REVIEW: Now You See Me

Remember when Paul Daniels was on TV, sawing his wife in half (matron) and generally making magic seem like the least cool thing ever? Fast-forward to 2013 and this is not the world in which the internationally-renowned Four Horseman occupy. For them its all sell-out tours, car chases and magician groupies, and that’s before you take into account being fugitives on the run from the FBI for robbing from the rich and giving to the poor.

It’s all very exciting, and it has to be, because frankly magic in the movies doesn’t quite have the same appeal as in reality. After all, watching Isla Fisher fly around an auditorium in a bubble is all well and good, but it doesn’t provide that “How are they doing that?!” moment that you get from actual illusionists.

Of course that doesn’t mean a magician-based movie can’t be a hit (The Prestige anyone?) – it just means the narrative and the characters have to deliver – and by Jove, Now You See Me gives it one hell of a go.

Running places incoherently is central to the Now You See Me plot.

Running places incoherently is central to the Now You See Me plot.

The Four Horseman comprise street magician J. Daniel Atlas (Jesse Eisenberg), ‘mentalist’ Merritt McKinney (Woody Harrelson), escape artist Henley Reeves (Isla Fisher) and all-round cheeky chappy Jack Wilder (Dave Franco), all of whom have been brought together by a mystery figure who’s motives are unknown.

From there the Four Horseman take to the road with the show planned meticulously by their inconspicuous boss, with the first of which involving an apparent bank robbery. Why they would place themselves at the centre of an FBI investigation (headed up by Mark Ruffalo’s Dylan Rhodes) all on the say-so of someone they haven’t met or know the identity of is one of many questions that you will be asking during Now You See Me, but fortunately Thaddeus Bradley (Morgan Freeman) is on hand to provide the answers to many of them.

Bradley is a magician-debunker; explaining how they pull off their tricks armed with nothing more than a glamorous assistant and a couple of cameras. He’s essentially a professional party-pooper, but he comes in particularly useful for the FBI who require his services for understanding how exactly the Four Horseman might be pulling it all off.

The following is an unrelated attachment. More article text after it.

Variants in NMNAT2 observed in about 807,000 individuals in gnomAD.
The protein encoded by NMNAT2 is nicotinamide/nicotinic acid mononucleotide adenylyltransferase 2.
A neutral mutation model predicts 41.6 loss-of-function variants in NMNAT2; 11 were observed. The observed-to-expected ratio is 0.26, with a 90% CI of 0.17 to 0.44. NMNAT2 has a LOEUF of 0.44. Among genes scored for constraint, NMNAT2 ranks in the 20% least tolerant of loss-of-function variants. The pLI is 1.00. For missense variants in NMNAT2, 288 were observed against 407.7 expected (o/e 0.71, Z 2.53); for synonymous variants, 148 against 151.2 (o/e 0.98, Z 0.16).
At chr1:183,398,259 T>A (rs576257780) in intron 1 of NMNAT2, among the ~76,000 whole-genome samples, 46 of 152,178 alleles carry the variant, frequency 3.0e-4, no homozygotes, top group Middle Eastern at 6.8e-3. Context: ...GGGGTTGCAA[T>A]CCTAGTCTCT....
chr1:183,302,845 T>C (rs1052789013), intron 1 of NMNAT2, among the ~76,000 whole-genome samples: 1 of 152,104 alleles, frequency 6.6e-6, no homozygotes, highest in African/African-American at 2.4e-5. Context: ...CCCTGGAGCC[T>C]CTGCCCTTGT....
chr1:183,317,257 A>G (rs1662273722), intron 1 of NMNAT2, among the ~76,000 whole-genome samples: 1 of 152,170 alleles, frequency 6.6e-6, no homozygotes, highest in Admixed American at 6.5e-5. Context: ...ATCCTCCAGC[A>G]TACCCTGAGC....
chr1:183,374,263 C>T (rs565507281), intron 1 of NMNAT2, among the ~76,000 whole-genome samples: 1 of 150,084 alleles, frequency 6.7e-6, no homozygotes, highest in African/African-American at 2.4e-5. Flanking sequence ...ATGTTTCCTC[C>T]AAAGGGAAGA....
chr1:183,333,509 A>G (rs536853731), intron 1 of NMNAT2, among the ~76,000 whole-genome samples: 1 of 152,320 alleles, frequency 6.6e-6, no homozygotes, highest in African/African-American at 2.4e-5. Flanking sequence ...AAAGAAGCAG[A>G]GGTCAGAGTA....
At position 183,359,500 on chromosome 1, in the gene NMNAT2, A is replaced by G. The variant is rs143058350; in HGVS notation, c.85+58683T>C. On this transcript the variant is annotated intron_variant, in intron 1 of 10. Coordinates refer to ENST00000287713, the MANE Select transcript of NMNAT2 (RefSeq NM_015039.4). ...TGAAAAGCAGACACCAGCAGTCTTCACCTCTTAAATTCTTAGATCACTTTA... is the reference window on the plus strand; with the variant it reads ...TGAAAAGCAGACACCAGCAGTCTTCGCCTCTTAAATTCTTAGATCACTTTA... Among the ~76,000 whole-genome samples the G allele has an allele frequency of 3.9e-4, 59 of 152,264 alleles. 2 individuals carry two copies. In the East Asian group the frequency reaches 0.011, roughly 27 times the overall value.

It’s rather convenient really, because if he hadn’t been about we’d have been left needing the narrative to explain the various twists and turns, which to be honest would have been bloody complicated.

Just say it was your card and we can all go home.

Just say it was your card and we can all go home.

In the end that’s pretty much how it goes for the entirety of Now You See Me. In one moment it sets up an intriguing premise, and in the next gets Morgan Freeman to explain how its actually all very simple, and it’s a level of exposition that is actually pretty patronising and distracting.

It’s a shame because there are some interesting ideas in there – some of which are even socio-economic of all things – and you can see the potential for a really twisting, turning and intriguing film, but it never gets there and ends up wavering dangerously close to dull.

During his police interview Atlas explains that the first rule of magic is to always be the smartest guy in the room. Unfortunately for Now You See Me it isn’t anywhere near as smart as it thinks it is.



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